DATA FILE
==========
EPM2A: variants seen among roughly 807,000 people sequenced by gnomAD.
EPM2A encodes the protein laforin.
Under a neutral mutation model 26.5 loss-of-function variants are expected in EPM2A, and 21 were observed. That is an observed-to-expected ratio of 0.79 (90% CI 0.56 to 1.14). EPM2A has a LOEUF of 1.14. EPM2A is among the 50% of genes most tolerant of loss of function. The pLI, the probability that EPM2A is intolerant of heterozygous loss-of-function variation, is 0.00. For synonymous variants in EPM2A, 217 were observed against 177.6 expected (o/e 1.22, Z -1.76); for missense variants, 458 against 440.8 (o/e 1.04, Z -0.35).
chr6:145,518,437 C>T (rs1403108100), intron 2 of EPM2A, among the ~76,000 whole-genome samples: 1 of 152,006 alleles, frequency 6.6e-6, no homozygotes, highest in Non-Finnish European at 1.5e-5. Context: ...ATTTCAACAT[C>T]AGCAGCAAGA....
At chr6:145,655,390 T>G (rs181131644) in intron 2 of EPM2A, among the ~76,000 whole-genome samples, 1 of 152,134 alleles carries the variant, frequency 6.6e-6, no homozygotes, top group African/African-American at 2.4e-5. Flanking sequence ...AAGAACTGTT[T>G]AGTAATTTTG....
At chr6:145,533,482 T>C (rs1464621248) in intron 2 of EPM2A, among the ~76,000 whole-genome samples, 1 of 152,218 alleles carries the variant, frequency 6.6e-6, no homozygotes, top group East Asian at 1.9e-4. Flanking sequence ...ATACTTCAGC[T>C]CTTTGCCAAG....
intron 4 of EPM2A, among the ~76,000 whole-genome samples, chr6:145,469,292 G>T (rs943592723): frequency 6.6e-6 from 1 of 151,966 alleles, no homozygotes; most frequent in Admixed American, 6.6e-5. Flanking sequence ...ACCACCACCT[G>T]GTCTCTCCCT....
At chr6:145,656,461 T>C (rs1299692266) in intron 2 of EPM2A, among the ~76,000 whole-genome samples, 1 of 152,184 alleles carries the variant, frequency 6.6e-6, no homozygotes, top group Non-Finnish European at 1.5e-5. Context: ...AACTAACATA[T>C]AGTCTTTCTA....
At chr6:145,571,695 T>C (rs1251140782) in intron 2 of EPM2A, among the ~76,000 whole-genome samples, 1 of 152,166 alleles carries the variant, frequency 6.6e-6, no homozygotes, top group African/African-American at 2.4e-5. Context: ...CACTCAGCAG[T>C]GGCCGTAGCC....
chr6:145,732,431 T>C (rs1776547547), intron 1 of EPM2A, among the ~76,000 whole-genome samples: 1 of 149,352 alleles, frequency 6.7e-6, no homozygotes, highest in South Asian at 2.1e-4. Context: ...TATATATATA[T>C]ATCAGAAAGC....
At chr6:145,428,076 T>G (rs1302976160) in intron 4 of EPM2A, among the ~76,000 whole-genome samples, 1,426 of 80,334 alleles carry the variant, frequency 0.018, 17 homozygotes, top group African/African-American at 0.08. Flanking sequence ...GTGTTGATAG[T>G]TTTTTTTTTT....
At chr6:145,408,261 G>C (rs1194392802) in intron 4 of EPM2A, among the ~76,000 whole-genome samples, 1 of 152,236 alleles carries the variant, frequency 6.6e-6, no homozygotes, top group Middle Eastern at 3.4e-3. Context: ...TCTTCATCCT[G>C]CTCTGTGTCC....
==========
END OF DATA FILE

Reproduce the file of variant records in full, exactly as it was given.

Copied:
EPM2A: variants seen among roughly 807,000 people sequenced by gnomAD.
EPM2A encodes the protein laforin.
Under a neutral mutation model 26.5 loss-of-function variants are expected in EPM2A, and 21 were observed. That is an observed-to-expected ratio of 0.79 (90% CI 0.56 to 1.14). EPM2A has a LOEUF of 1.14. EPM2A is among the 50% of genes most tolerant of loss of function. The pLI, the probability that EPM2A is intolerant of heterozygous loss-of-function variation, is 0.00. For synonymous variants in EPM2A, 217 were observed against 177.6 expected (o/e 1.22, Z -1.76); for missense variants, 458 against 440.8 (o/e 1.04, Z -0.35).
chr6:145,518,437 C>T (rs1403108100), intron 2 of EPM2A, among the ~76,000 whole-genome samples: 1 of 152,006 alleles, frequency 6.6e-6, no homozygotes, highest in Non-Finnish European at 1.5e-5. Context: ...ATTTCAACAT[C>T]AGCAGCAAGA....
At chr6:145,655,390 T>G (rs181131644) in intron 2 of EPM2A, among the ~76,000 whole-genome samples, 1 of 152,134 alleles carries the variant, frequency 6.6e-6, no homozygotes, top group African/African-American at 2.4e-5. Flanking sequence ...AAGAACTGTT[T>G]AGTAATTTTG....
At chr6:145,533,482 T>C (rs1464621248) in intron 2 of EPM2A, among the ~76,000 whole-genome samples, 1 of 152,218 alleles carries the variant, frequency 6.6e-6, no homozygotes, top group East Asian at 1.9e-4. Flanking sequence ...ATACTTCAGC[T>C]CTTTGCCAAG....
intron 4 of EPM2A, among the ~76,000 whole-genome samples, chr6:145,469,292 G>T (rs943592723): frequency 6.6e-6 from 1 of 151,966 alleles, no homozygotes; most frequent in Admixed American, 6.6e-5. Flanking sequence ...ACCACCACCT[G>T]GTCTCTCCCT....
At chr6:145,656,461 T>C (rs1299692266) in intron 2 of EPM2A, among the ~76,000 whole-genome samples, 1 of 152,184 alleles carries the variant, frequency 6.6e-6, no homozygotes, top group Non-Finnish European at 1.5e-5. Context: ...AACTAACATA[T>C]AGTCTTTCTA....
At chr6:145,571,695 T>C (rs1251140782) in intron 2 of EPM2A, among the ~76,000 whole-genome samples, 1 of 152,166 alleles carries the variant, frequency 6.6e-6, no homozygotes, top group African/African-American at 2.4e-5. Context: ...CACTCAGCAG[T>C]GGCCGTAGCC....
chr6:145,732,431 T>C (rs1776547547), intron 1 of EPM2A, among the ~76,000 whole-genome samples: 1 of 149,352 alleles, frequency 6.7e-6, no homozygotes, highest in South Asian at 2.1e-4. Context: ...TATATATATA[T>C]ATCAGAAAGC....
At chr6:145,428,076 T>G (rs1302976160) in intron 4 of EPM2A, among the ~76,000 whole-genome samples, 1,426 of 80,334 alleles carry the variant, frequency 0.018, 17 homozygotes, top group African/African-American at 0.08. Flanking sequence ...GTGTTGATAG[T>G]TTTTTTTTTT....
At chr6:145,408,261 G>C (rs1194392802) in intron 4 of EPM2A, among the ~76,000 whole-genome samples, 1 of 152,236 alleles carries the variant, frequency 6.6e-6, no homozygotes, top group Middle Eastern at 3.4e-3. Context: ...TCTTCATCCT[G>C]CTCTGTGTCC....